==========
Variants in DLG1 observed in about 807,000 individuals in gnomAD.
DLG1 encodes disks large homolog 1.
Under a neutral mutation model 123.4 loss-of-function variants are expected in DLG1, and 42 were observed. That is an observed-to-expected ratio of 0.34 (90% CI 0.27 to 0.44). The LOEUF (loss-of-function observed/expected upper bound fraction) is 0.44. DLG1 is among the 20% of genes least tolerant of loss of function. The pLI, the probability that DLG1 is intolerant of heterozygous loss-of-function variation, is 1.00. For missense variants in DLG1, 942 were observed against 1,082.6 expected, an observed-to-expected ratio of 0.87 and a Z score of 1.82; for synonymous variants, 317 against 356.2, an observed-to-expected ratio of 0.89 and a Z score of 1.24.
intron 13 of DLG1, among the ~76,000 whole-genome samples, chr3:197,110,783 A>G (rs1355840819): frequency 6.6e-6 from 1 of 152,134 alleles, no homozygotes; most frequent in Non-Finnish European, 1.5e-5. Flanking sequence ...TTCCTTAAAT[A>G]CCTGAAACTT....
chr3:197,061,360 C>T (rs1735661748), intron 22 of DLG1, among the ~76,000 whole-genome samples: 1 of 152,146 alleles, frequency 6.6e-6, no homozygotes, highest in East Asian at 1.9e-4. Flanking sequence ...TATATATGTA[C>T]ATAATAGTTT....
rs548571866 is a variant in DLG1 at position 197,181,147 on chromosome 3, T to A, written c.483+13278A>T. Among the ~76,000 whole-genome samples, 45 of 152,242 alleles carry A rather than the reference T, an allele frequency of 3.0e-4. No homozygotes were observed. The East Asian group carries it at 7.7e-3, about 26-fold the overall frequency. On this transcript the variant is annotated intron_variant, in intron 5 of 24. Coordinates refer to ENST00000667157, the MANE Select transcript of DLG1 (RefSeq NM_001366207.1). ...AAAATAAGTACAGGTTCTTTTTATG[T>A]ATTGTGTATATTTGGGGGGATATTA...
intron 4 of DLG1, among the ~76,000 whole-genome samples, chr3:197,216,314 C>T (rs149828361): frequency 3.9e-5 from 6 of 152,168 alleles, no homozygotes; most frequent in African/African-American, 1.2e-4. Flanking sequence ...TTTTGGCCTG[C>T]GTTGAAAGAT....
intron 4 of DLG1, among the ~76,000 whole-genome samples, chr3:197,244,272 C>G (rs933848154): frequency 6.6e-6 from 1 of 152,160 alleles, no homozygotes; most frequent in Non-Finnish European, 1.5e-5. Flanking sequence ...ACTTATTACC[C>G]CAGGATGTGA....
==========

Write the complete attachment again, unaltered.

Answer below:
Variants in DLG1 observed in about 807,000 individuals in gnomAD.
DLG1 encodes disks large homolog 1.
Under a neutral mutation model 123.4 loss-of-function variants are expected in DLG1, and 42 were observed. That is an observed-to-expected ratio of 0.34 (90% CI 0.27 to 0.44). The LOEUF (loss-of-function observed/expected upper bound fraction) is 0.44. DLG1 is among the 20% of genes least tolerant of loss of function. The pLI, the probability that DLG1 is intolerant of heterozygous loss-of-function variation, is 1.00. For missense variants in DLG1, 942 were observed against 1,082.6 expected, an observed-to-expected ratio of 0.87 and a Z score of 1.82; for synonymous variants, 317 against 356.2, an observed-to-expected ratio of 0.89 and a Z score of 1.24.
intron 13 of DLG1, among the ~76,000 whole-genome samples, chr3:197,110,783 A>G (rs1355840819): frequency 6.6e-6 from 1 of 152,134 alleles, no homozygotes; most frequent in Non-Finnish European, 1.5e-5. Flanking sequence ...TTCCTTAAAT[A>G]CCTGAAACTT....
chr3:197,061,360 C>T (rs1735661748), intron 22 of DLG1, among the ~76,000 whole-genome samples: 1 of 152,146 alleles, frequency 6.6e-6, no homozygotes, highest in East Asian at 1.9e-4. Flanking sequence ...TATATATGTA[C>T]ATAATAGTTT....
rs548571866 is a variant in DLG1 at position 197,181,147 on chromosome 3, T to A, written c.483+13278A>T. Among the ~76,000 whole-genome samples, 45 of 152,242 alleles carry A rather than the reference T, an allele frequency of 3.0e-4. No homozygotes were observed. The East Asian group carries it at 7.7e-3, about 26-fold the overall frequency. On this transcript the variant is annotated intron_variant, in intron 5 of 24. Coordinates refer to ENST00000667157, the MANE Select transcript of DLG1 (RefSeq NM_001366207.1). ...AAAATAAGTACAGGTTCTTTTTATG[T>A]ATTGTGTATATTTGGGGGGATATTA...
intron 4 of DLG1, among the ~76,000 whole-genome samples, chr3:197,216,314 C>T (rs149828361): frequency 3.9e-5 from 6 of 152,168 alleles, no homozygotes; most frequent in African/African-American, 1.2e-4. Flanking sequence ...TTTTGGCCTG[C>T]GTTGAAAGAT....
intron 4 of DLG1, among the ~76,000 whole-genome samples, chr3:197,244,272 C>G (rs933848154): frequency 6.6e-6 from 1 of 152,160 alleles, no homozygotes; most frequent in Non-Finnish European, 1.5e-5. Flanking sequence ...ACTTATTACC[C>G]CAGGATGTGA....